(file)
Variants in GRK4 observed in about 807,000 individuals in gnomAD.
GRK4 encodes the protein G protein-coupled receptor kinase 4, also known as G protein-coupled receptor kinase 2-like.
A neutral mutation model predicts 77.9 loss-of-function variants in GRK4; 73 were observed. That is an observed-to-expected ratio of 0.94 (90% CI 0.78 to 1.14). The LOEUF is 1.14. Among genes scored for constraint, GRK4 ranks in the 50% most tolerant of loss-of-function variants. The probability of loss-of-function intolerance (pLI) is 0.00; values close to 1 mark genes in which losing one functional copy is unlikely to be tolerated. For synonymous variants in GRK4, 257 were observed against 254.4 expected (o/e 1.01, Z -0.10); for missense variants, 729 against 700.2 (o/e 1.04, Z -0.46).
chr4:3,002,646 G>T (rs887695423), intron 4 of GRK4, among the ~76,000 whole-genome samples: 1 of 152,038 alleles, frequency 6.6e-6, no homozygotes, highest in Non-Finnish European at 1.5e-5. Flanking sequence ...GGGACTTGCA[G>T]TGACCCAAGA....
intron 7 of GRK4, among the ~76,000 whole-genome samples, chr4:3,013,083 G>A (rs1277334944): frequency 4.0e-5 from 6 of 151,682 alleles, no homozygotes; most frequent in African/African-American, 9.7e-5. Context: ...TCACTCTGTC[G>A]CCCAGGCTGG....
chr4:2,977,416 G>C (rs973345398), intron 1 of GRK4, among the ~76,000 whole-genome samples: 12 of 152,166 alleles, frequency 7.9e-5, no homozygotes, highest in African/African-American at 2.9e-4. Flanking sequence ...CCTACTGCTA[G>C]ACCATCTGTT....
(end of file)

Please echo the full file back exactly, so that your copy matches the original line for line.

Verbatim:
Variants in GRK4 observed in about 807,000 individuals in gnomAD.
GRK4 encodes the protein G protein-coupled receptor kinase 4, also known as G protein-coupled receptor kinase 2-like.
A neutral mutation model predicts 77.9 loss-of-function variants in GRK4; 73 were observed. That is an observed-to-expected ratio of 0.94 (90% CI 0.78 to 1.14). The LOEUF is 1.14. Among genes scored for constraint, GRK4 ranks in the 50% most tolerant of loss-of-function variants. The probability of loss-of-function intolerance (pLI) is 0.00; values close to 1 mark genes in which losing one functional copy is unlikely to be tolerated. For synonymous variants in GRK4, 257 were observed against 254.4 expected (o/e 1.01, Z -0.10); for missense variants, 729 against 700.2 (o/e 1.04, Z -0.46).
chr4:3,002,646 G>T (rs887695423), intron 4 of GRK4, among the ~76,000 whole-genome samples: 1 of 152,038 alleles, frequency 6.6e-6, no homozygotes, highest in Non-Finnish European at 1.5e-5. Flanking sequence ...GGGACTTGCA[G>T]TGACCCAAGA....
intron 7 of GRK4, among the ~76,000 whole-genome samples, chr4:3,013,083 G>A (rs1277334944): frequency 4.0e-5 from 6 of 151,682 alleles, no homozygotes; most frequent in African/African-American, 9.7e-5. Context: ...TCACTCTGTC[G>A]CCCAGGCTGG....
chr4:2,977,416 G>C (rs973345398), intron 1 of GRK4, among the ~76,000 whole-genome samples: 12 of 152,166 alleles, frequency 7.9e-5, no homozygotes, highest in African/African-American at 2.9e-4. Flanking sequence ...CCTACTGCTA[G>C]ACCATCTGTT....